Walt Raines’ run as the dean of Johnson County basketball coaches ends the instant Franklin Community High School’s girls season does.
The distinction then belongs to Greenwood boys coach Bruce Hensley.
Raines, who has presided over five sectional championships, assorted Mid-State Conference titles and a Class 3A runner-up finish in 1998 with the Grizzly Cubs, made it known in October that his 28th season would be his last.
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This is Hensley’s 27th year as boys coach at his alma mater.
Friends for years despite working for different school systems, the Franklin College graduates are monuments to longevity in a profession known to occasionally opt for the quick fix.
If there is a secret, Raines said, it’s one’s surroundings.
This includes everything from the administration appreciating the positive impact you’re making in young lives to the players you coach to the fans supporting your squad both at home and on the road.
“The key, No. 1, is the community you’re in. That is where I have been very fortunate because Franklin is a great community,” said Raines, whose 336 career victories places him 13th among active girls basketball coaches in Indiana.
“The key, also, is to not let things that are said by individuals bother you. You have to let it roll off and stay focused on the fact if you want to coach kids and you enjoy kids, make them the priority. You’re always going to have naysayers.”
Sometimes that’s enough to sour a coach on a location. Impatience among school administrators and influential community members also has been known to contribute to a program changing coaches.
During the past offseason 71 of the 398 boys basketball teams in Indiana — or nearly 18-percent — named a new head coach. It was even higher in girls hoops, with 102 coaching changes representing 26 percent of the state’s high school programs.
Another telling factor is that only 10 of the 29 all-time winningest basketball coaches in Indiana, both with girls and boys, are currently leading programs. Only 12 of the winningest girls coaches experienced a tenure longer than Raines’.
Hensley is in the process of trying to lead his sophomore-dominated Woodmen team to the program’s first winning record since 2005-06. That group finished 17-5; Greenwood is 51-152 (.251) ever since.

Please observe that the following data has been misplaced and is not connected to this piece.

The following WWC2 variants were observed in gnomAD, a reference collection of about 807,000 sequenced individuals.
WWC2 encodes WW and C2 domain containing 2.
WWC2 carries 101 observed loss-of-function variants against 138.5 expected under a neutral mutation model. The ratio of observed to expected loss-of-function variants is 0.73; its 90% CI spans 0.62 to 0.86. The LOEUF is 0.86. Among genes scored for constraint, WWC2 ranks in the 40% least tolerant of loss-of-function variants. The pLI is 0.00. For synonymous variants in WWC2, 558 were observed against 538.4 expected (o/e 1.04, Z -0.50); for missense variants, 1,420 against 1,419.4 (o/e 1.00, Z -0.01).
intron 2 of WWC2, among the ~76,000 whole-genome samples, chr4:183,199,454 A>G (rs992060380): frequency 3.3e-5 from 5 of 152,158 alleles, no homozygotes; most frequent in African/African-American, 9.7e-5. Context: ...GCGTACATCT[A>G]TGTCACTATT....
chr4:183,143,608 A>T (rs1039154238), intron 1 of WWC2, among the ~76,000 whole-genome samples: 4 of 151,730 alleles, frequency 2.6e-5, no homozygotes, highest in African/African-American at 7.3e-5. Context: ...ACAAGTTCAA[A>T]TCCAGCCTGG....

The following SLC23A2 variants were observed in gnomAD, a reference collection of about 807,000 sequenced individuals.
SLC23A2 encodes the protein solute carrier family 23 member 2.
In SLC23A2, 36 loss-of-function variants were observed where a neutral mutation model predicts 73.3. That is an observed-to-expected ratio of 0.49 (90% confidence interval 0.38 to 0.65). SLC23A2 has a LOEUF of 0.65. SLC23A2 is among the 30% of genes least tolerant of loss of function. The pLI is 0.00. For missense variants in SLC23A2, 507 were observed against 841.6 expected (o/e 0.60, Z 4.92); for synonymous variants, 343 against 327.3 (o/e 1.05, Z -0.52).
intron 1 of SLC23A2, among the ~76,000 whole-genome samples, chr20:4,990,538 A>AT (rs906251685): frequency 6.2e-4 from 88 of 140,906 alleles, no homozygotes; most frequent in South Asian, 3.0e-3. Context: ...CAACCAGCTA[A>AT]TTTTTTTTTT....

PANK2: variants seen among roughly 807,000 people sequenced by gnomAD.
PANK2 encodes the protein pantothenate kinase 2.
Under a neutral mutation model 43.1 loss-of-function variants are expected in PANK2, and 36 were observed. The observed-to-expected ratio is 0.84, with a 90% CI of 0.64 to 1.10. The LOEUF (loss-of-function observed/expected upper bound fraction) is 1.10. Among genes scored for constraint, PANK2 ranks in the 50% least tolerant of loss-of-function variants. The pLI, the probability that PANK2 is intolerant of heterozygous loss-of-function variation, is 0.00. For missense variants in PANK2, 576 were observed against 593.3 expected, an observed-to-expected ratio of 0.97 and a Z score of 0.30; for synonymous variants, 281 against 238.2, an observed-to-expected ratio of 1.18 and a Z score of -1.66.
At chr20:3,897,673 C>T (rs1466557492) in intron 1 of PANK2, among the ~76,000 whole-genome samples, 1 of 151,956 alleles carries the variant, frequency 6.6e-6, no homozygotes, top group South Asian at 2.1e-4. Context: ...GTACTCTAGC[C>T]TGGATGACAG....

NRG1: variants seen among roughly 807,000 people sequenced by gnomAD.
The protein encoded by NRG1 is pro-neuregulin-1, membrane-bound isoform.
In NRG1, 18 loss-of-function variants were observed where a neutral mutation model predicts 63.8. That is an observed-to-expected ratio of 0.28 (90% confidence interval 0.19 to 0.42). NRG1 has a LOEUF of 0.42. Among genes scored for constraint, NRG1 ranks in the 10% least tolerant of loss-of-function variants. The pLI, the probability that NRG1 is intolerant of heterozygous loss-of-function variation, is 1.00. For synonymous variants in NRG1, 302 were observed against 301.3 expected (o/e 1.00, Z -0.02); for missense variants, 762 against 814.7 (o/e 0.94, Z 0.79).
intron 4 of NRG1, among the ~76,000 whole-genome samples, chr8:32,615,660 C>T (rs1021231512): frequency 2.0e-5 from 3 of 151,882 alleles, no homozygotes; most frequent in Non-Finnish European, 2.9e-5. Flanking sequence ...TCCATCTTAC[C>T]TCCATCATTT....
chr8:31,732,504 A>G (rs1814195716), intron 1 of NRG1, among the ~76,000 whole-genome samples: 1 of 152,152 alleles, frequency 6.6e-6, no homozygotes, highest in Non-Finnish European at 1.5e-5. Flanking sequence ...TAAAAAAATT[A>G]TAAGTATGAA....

A youthful 60 years old, Hensley would prefer to continue to lead the program for which he played during the early 1970s in the seasons ahead.
“It’s a love for what you’re doing, and year in and year out you have good kids to work with. I would say as much as anything it’s those two things,” said Hensley, who since taking over prior to the 1989-90 season has 245 wins and two sectional titles (1990-91 and 2001-02).
“I think you just have to keep focused on why you’re in it and what you’re doing. What values you’re trying to teach the kids. Just because you’re not winning doesn’t mean you can’t teach values and life lessons to them.”
Coaching as long as they have forced both Raines and Hensley to adapt when it comes to the teenagers whose games and lives they help shape.
“Now there are a lot more things for kids to do. There’s a lot more involvement as far as parents and outside coaches goes. Everything outside the game has changed. Everything inside the game, it’s not changed that much,” Raines said.
“Kids are the same as they used to be. The difference is the things around the kids. Again, their priorities are a little different than they used to be.”
Life has a way of telling every coach when it’s time to get out.
For Raines, one sign is the fact he now has nine grandchildren ranging in age from 6 weeks up to 12 years old. Seven of the grandchildren live in this area.
“It’s time from the standpoint that my grandkids are involved in more and more things. My wife, Pam, and I been married for 29 years, and I’ve been coaching for 28. I missed so many things of my kids, I didn’t want to do the same thing to them,” said Raines, 57.
“And Pam and I had gone through a little bit of a health scare with her heart, and I think we have that worked out. We wanted to have some time where we were still young enough to go do some things.”
Which Raines in time will do. It just won’t involve coaching.
THE RAINES FILE
Name: Walt Raines
Family: Wife, Pam; sons, Ryan, 34, and Randy, 28; daughters, Amy, 32, and Anesa, 31; nine grandchildren
High school: Muncie Burris (1976)
College: Franklin College (1980)
Major: History education
Favorite athlete: Larry Bird
Favorite team: St. Louis Cardinals
BEST OF TIMES
Here are some of the most-accomplished teams in the coaching careers of Walt Raines and Bruce Hensley:
1997-1998: 21-6 (Class 3A runner-up)
2000-2001: 15-8 (3A sectional champion)
2007-2008: 17-8 (4A sectional champion)
1990-1991: 11-13 (Sectional champion)
2001-2002: 17-8 (4A sectional champion)